Both the Canadian Pacific Railway and Ontario Hydro made offers to buy the Guelph system. Ontario Hydro won out and took title to the Railway, under the name Ontario Hydro Electric Railways–Guelph District, on May 21, 1921. Some lines were rebuilt and some extended. Seven single-truck Birney cars numbered 219 to 225 were acquired in 1922. These were built by Canadian Brill at the former Preston Car & Coach plant in nearby Preston, Ontario.

The first bus, a 29-seat Gotfredson, was placed in service in 1926 on Eramosa Road. This service was discontinued on October 31, 1927, due to significant losses, however, the service was reinstated the following year with a smaller bus. A second bus was used when streetcar tracks were under repair.

Operating losses began to climb beginning in 1927. The Suffolk line was removed in 1929 due to its poor condition and the cost of rebuilding, being replaced by bus service.

In 1926, Ontario Hydro tried to sell the system back to the City of Guelph, but were refused. Finally, in June 1937, City Council recommended the discontinuance of the streetcars, September 30, 1937, being the final day of operation, buses replacing them the next day. In 1939, the Ontario Legislature passed a bill transferring the system to the newly created Guelph Transportation Commission (now called Guelph Transit). Electric freight service continued to operate until May 26, 1939.[2]

Present[edit]

Guelph Transit has bus routes that cover the entire city. Sunday service was added in 2001, new routes were added over the last five years. Guelph Transit's garage and other city works moved from Waterloo Avenue to 12 Municipal Street in the 1970s . In the late 1990s, a new transit facility was constructed on Watson Road.

On June 20, 2007, Guelph Transit launched a web-based system known as Next Bus.[3] Global positioning satellites (GPS) technology and advanced computer modeling provide riders via the Internet, handheld devices (including Palms, Blackberries, and Web-capable cellular phones), or their telephones to receive accurate, real-time arrival and departure information. This system has proven frustrating to some Guelphites, as Guelph Transit has removed posted information on bus arrival times and a user standing at a bus stop without a cell phone has no way of determining when the next bus will arrive. Additionally, the system's predictions have been known to be wildly inaccurate.[4]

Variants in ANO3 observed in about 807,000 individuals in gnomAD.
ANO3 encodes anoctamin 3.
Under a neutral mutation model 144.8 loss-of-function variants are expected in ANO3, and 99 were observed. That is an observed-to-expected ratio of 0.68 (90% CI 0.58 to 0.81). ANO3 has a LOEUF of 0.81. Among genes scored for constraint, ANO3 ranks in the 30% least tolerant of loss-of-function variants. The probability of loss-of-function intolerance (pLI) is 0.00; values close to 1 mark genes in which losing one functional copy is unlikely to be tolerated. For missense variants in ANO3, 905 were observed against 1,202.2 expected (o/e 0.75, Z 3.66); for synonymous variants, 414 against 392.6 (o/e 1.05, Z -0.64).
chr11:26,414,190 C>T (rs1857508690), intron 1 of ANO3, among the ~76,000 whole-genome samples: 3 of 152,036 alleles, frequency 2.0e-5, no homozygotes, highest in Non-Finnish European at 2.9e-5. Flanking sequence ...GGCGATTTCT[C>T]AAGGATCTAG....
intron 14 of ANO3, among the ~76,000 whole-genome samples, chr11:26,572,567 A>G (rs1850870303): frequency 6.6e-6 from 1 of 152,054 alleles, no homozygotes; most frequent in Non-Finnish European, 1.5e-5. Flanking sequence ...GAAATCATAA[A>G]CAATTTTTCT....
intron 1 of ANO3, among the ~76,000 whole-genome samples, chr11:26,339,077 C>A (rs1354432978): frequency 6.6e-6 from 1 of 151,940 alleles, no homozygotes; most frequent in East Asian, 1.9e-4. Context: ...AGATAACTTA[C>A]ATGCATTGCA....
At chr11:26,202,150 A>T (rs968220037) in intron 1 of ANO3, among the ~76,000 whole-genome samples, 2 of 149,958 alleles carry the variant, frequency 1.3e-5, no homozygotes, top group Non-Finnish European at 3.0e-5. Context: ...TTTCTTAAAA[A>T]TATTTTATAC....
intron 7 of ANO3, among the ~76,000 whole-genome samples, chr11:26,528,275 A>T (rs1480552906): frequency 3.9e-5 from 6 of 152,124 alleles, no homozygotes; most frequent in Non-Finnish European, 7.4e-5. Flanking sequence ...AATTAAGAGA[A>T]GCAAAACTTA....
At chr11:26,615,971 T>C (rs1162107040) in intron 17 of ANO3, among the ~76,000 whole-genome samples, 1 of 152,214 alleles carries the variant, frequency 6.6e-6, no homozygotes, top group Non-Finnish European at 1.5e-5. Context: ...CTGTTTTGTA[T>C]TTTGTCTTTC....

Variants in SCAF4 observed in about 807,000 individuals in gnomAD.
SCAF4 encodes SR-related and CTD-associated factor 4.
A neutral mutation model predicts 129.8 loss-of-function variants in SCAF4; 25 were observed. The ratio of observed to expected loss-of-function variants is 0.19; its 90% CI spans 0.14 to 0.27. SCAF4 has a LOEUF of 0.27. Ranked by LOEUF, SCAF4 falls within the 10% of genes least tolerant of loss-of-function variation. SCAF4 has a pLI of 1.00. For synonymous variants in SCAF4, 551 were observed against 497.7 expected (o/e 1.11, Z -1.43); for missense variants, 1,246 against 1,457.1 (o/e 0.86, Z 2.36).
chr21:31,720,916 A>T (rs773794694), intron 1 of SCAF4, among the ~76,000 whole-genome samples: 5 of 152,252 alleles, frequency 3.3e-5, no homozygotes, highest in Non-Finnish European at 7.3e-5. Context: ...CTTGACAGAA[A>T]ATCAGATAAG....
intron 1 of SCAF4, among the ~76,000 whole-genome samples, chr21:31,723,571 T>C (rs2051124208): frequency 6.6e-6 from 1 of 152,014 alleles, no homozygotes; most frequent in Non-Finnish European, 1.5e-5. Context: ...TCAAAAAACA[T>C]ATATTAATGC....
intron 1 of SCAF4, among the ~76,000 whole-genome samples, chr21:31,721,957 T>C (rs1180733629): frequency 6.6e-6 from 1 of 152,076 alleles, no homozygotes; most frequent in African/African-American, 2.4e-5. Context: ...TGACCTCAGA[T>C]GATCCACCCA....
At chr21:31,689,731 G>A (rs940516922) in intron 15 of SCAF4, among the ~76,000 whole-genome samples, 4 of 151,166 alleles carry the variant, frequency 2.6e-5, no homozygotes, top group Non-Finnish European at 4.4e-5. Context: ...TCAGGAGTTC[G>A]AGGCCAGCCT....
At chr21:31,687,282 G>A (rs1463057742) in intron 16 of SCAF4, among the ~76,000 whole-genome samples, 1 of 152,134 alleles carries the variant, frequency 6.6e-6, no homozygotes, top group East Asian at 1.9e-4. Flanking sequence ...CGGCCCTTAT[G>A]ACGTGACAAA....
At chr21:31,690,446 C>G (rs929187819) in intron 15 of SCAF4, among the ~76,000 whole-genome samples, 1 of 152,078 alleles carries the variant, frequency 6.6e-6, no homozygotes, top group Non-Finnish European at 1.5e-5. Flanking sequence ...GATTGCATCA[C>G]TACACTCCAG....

The new system features web-based map displays with local streets and routes, and real-time information available on the web. It will also incorporate dynamic transit display signs at key locations around the city. One such sign is already in place at Stone Road Mall. However, the service is limited in that the time displayed is linked to the scheduled arrival on the applicable timetable, not the anticipated arrival based upon the current location of the bus.

Guelph Transit added holiday service in 2007 as well as additional routes serving the south end of the city. Services on these routes (56, 57, and 58) were suspended in April 2008, and the 54 Arkell route was extended to St Georges Square in July 2008.

As identified in the 2010 budget, Guelph Transit is modifying frequency and service hours in order to achieve targeted savings. These savings will be realized by shifting from a 20-minute service frequency to a 30-minute frequency in June, July, and August, making the weekday service schedules the same as Saturdays. Holiday service has also been cancelled for 2010.

On January 1, 2012, Guelph Transit launched a complete new system of routes and schedules to accommodate a growing demand for change within the transit system. The system includes new transfer points at Guelph Central Station and the University of Guelph. During peak service times, buses run on a 20 minute schedule. During non-peak service times, including Saturday and Sunday, service will continue to run on a 30 minute schedule.

Future[edit]

Work is underway to convert the Guelph railway station and current Greyhound Bus Terminal into a Regional Transit Facility by 2014. The terminal opened up to Guelph Transit Buses in May 2012.

In 2009 and 2010 Guelph Transit and Dillon Consulting developed a new Transit Growth Strategy and Plan[5] for transit and mobility services. In developing a long term vision for transit in Guelph, the system was analyzed from customer, staff, technical and policy perspectives.

Regular Routes[edit]

No. Name Route Notes
1 College-Edinburgh Route 1A runs clockwise, Route 1B runs counterclockwise. Via University of Guelph, Stone Road Mall, Guelph Research Park, and Campus Estates Plaza. Does not service Guelph Central Station (GCS). Route 1A becomes Route 6 Harvard-Ironwood at UofG. Route 1B becomes Route 7 Kortright-Downey at UofG.